China buys U.S. soybeans after halt to U.S. purchases ordered: sources

CHICAGO/BEIJING/SINGAPORE (Reuters) - State-owned Chinese firms bought at least three cargoes of U.S. soybeans on Monday, even as sources in China said the government had told them to halt purchases after Washington said it would eliminate special treatment for Hong Kong to punish Beijing.

The purchases, totaling at least 180,000 tonnes of the oilseed, were for shipment in October or November, the peak U.S. soy export season when American soybeans are usually the cheapest in the world, three U.S. traders with knowledge of the deals said.

It was not immediately clear why buying continued after Beijing’s message to state-owned firms, but U.S. traders said Chinese importers still have not covered a large share of October and November soybean needs.

“It’s murky, really hard to say,” said one U.S. export trader. “Maybe they wanted to knock a few cents off the price, or maybe there’s some other agenda. The do need the beans.”

Earlier, two sources familiar with the matter said China told state-owned firms to halt large-scale U.S. soybean and pork purchases. One of them said state purchases of U.S. corn and cotton have also been put on hold.

The soybean sales on Monday were small compared to recent purchases by state-owned firms totaling 1 million tonnes or more at a time.

China is ready to suspend imports of more American agriculture products if Washington takes further action on Hong Kong, the sources said.

Any sustained halt in buying would further threaten progress in meeting goals set in the Phase 1 trade deal signed in January. China pledged to significantly boost purchases of U.S. agricultural products, after slashing imports during the bruising trade war.

The U.S. Department of Agriculture and U.S. Trade Representative’s office did not immediately respond to requests for comment.

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Chinese foreign ministry spokesman Zhao Lijan told reporters during a daily briefing Tuesday that he was unaware of the situation.

On Friday, U.S. President Donald Trump said he was directing his administration to begin the process of eliminating special treatment for Hong Kong in response to China’s plans to impose new security legislation. China said on Monday it will counter U.S. attempts to harm Beijing’s interests.

(GRAPHIC - Value of U.S. agriculture exports to China: )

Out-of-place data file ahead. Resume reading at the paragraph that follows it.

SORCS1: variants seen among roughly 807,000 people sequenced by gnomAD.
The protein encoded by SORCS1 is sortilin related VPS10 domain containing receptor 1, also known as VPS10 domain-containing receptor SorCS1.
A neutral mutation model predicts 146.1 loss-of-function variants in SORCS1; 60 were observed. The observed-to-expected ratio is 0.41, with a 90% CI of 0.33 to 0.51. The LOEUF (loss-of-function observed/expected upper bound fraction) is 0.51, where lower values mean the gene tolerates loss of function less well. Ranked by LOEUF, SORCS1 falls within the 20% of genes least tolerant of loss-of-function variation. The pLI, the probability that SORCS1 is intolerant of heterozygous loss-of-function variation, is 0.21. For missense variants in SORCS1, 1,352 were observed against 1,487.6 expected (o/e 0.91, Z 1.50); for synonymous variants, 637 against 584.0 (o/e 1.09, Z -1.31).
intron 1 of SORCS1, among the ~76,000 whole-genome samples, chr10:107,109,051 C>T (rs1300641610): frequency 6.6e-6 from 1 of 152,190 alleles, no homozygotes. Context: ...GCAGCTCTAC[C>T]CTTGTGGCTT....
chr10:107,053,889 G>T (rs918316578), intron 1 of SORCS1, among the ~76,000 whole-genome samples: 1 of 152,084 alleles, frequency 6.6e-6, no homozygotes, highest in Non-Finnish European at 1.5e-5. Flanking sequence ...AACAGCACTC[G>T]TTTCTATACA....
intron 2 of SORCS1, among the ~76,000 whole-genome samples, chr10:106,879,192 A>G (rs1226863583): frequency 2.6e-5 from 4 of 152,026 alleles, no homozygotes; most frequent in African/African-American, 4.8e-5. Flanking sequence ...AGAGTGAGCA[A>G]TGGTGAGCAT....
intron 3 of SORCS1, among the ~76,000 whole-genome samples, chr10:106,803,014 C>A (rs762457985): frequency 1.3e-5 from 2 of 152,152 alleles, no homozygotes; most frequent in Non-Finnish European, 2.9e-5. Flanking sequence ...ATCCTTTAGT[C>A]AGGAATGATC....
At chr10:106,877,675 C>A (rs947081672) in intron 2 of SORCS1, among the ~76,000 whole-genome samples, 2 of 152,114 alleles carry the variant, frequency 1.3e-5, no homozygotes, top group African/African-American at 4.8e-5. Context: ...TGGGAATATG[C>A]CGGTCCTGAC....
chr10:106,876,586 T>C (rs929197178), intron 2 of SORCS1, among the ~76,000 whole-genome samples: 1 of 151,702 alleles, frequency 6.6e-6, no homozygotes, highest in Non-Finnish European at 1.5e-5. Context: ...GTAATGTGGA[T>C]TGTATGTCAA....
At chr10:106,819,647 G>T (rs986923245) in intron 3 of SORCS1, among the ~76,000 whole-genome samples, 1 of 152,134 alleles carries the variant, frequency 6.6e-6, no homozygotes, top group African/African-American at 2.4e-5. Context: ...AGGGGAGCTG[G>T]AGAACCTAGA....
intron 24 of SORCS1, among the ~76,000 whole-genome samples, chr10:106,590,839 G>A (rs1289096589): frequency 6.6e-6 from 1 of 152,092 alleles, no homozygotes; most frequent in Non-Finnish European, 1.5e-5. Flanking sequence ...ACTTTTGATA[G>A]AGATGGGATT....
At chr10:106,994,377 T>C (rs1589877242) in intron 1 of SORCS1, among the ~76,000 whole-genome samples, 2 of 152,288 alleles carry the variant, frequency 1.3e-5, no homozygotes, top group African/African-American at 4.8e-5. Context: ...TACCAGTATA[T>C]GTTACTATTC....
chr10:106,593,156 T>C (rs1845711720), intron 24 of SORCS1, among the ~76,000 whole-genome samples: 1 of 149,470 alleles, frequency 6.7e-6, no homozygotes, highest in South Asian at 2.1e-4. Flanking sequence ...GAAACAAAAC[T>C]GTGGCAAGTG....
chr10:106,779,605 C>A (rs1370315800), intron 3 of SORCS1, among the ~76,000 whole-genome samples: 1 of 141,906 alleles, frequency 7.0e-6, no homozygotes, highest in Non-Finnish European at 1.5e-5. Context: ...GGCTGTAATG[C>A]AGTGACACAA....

Chinese importers canceled 10,000 to 20,000 tonnes of American pork shipments, equivalent to roughly one week’s orders in recent months following Trump’s comments on Friday, the source said.

In a worst-case scenario, if Trump continues to target China, Beijing will scrap the Phase 1 deal, a second source familiar with the government plan said.

“There’s no way Beijing can buy goods from the U.S. when receiving constant attacks from Trump,” the person said.

U.S. corn, wheat and lean hog futures weakened on Monday due to concerns about rising trade tensions. Soybeans were flat. [GRA/]

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Under the initial trade deal, China pledged to buy an additional $32 billion worth of U.S. agriculture products over two years above a baseline based on 2017 figures.

The USDA reported that China bought $1.028 billion worth of soybeans and $691 million of pork in the first quarter of 2020. China also bought corn, wheat and soyoil this year.

China has also been purchasing soybeans in recent weeks from Brazil, during that country’s peak export season.

Private Chinese importers have not received a government order to suspend all buying, although commercial buyers are very cautious, according to a third source with a major trading house.

“A certain scale of trade will be halted” but it is not a full stop, said a fourth source familiar with government plan.

China could easily find other sellers of farm products, he added.

The sources all declined to be named due to the sensitivity of the matter.

Reporting by Hallie Gu and Jing Xu in Beijing, Keith Zhai in Singapore and Karl Plume in Chicago; additional reporting by Dominique Patton and Gabriel Crossley in Beijing, Gavin Maguire in Singapore, Tom Polansek and Mark Weinraub in Chicago; editing by Matthew Lewis, David Gregorio and Jason Neely